In an attempt to stop the spread of Covid-19, the Western Cape Health Department has requested that all non-emergency patients stay at home instead of visiting health centres and to seek advice first if they are unsure.
The department announced on Sunday March 22 that they had implemented physical distancing to stop the spread of the virus and more so to protect vulnerable people.
Department spokesperson, Mark Van der Heever, said thousands of people visited public health facilities daily and the department had a responsibility to stop the spread. This, he said, was one of the main ways of doing so.
He said to protect communities the department suggested avoiding all situations where human bodies came into contact with each other, and reducing the times and places when people came together – including going to a public health facility when it was not necessary.
“By keeping your distance from crowded places such as clinics and hospitals, you protect the vulnerable, including the sick and elderly, and safeguard our facilities against the spread of the virus. Western Cape Government Health therefore requests that unless you require emergency treatment that you please stay at home and seek advice first if unsure. If you need emergency medical care, you must urgently go to your closest health facility,” said Mr Van der Heever.
If you have flu-like symptoms, including a cough and fever, first call the Provincial Coronavirus Hotline on 021 928 4102 for advice. Unless advised to, you should not go to your clinic or hospital.
Other interventions have also been put in place to stop the spread including; the reduction of visitation times and number of visitors, non-urgent outpatient appointments will be postponed and patients given alternative dates, stable chronic patients to be issued two months’ supply of medication to reduce visits, non-urgent elective surgery will be postponed and patients provided with a later date, outreach support to outlying areas will be reduced and patients who are in hospital but are stable will be discharged for further management at home.
“We all need to work together to stop the spread by making basic hygiene principles part of our daily lives and limiting social gatherings. You play a big role in preventing the further spread of Covid-19. In doing so, you not only protect yourself but you also protect your family and your community,” said Mr Van der Heever.
Staff at the Retreat Community Health Centre welcomed the announcement.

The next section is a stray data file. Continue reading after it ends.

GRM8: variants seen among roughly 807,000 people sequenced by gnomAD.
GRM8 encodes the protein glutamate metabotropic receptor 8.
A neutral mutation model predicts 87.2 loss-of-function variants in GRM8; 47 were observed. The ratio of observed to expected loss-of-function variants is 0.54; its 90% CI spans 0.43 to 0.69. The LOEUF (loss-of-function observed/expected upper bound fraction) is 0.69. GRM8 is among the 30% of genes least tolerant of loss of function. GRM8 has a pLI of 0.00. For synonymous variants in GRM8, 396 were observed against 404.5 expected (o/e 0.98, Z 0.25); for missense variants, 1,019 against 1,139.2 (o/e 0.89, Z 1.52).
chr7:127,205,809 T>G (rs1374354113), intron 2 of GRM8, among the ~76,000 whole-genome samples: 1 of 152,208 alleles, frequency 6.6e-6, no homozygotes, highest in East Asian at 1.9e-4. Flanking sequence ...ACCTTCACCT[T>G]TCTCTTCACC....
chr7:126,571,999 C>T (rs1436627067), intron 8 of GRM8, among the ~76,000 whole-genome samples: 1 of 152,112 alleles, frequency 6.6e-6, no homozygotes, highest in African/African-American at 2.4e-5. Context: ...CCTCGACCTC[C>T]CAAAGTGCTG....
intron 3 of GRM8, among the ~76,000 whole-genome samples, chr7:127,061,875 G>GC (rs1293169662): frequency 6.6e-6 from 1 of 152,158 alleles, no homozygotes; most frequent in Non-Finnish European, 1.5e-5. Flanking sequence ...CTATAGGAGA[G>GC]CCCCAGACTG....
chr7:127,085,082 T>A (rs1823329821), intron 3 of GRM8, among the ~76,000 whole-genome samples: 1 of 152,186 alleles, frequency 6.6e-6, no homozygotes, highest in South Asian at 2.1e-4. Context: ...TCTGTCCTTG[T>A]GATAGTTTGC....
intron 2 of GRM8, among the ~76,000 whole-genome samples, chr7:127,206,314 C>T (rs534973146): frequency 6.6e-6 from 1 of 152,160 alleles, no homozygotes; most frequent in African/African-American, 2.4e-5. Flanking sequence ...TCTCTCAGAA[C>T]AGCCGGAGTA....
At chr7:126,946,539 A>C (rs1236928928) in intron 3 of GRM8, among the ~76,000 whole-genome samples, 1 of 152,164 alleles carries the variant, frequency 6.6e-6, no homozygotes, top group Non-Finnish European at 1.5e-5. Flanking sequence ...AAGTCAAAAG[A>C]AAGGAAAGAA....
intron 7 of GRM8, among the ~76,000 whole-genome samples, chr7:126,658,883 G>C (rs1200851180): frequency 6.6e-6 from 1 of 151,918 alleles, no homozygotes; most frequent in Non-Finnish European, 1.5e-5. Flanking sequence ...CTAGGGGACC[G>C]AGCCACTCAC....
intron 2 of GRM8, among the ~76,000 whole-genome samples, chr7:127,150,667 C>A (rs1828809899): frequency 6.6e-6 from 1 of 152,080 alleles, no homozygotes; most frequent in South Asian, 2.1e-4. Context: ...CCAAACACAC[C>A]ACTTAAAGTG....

A nurse who spoke to Southern Mail on condition of anonymity said the decision had been made to safeguard not only the sick and elderly but also those on the frontline at health facilities.
“Our job is to help the sick and in order to do that patients need to help us by staying at home if they don’t have an emergency. This will protect those most vulnerable but also protect us. We hope people listen and that way we can fight and bend the curve to stop the spread of the virus,” she said.
Patient Maggie Solomon, 74, said she would only be returning to collect her chronic medication.
“I understand that this is a serious situation and we need to do everything in our power to stop the spread of the virus and that is why I will only return to the clinic to get a two months supply of my chronic medication and will not come back unless I have an emergency. I respect the health department’s decision and hope everyone will listen,” said Ms Solomon.
Retreat Community Health Centre (CHC) facility manager, Susan Meyer, said patients were being screened at the gate and they had implemented a system to identify emergency cases.
The aim, she added, was to have fewer than 100 patients and staff, at the facility at one time – in line with the government requirement prohibiting gatherings of more than 100 people.
“We are still a 24-hour health facility, the only difference is that only emergency patients will be assisted. We will not send patients who seriously needour help away. Patients who have doctor’s appointments will be rebooked. We have a plan and staff are working new shifts to implement the new plan,” said Ms Meyer.
Monday was the first day of implementation of the new system but according to Ms Meyer some patients became abusive towards hospital staff.
“We had incidents where people became abusive to staff. People need to understand that this was not our plan but the national plan that came from the president, we are implementing them to try and keep everyone safe and need the community to work with us and we need to adhere to the plan to the best of our ability,” she said.
She added that patients who came to the health facility should not bring children with them.
“I implore people to make alternative arrangements to keep children at home and away from the health facilities for their own safety,” said Ms
Asked what the Midwife Obstetrics Unit (MOU) had put in place, Ms Meyer said expectant mothers who were in labour or had emergencies could go to the facility and be assessed.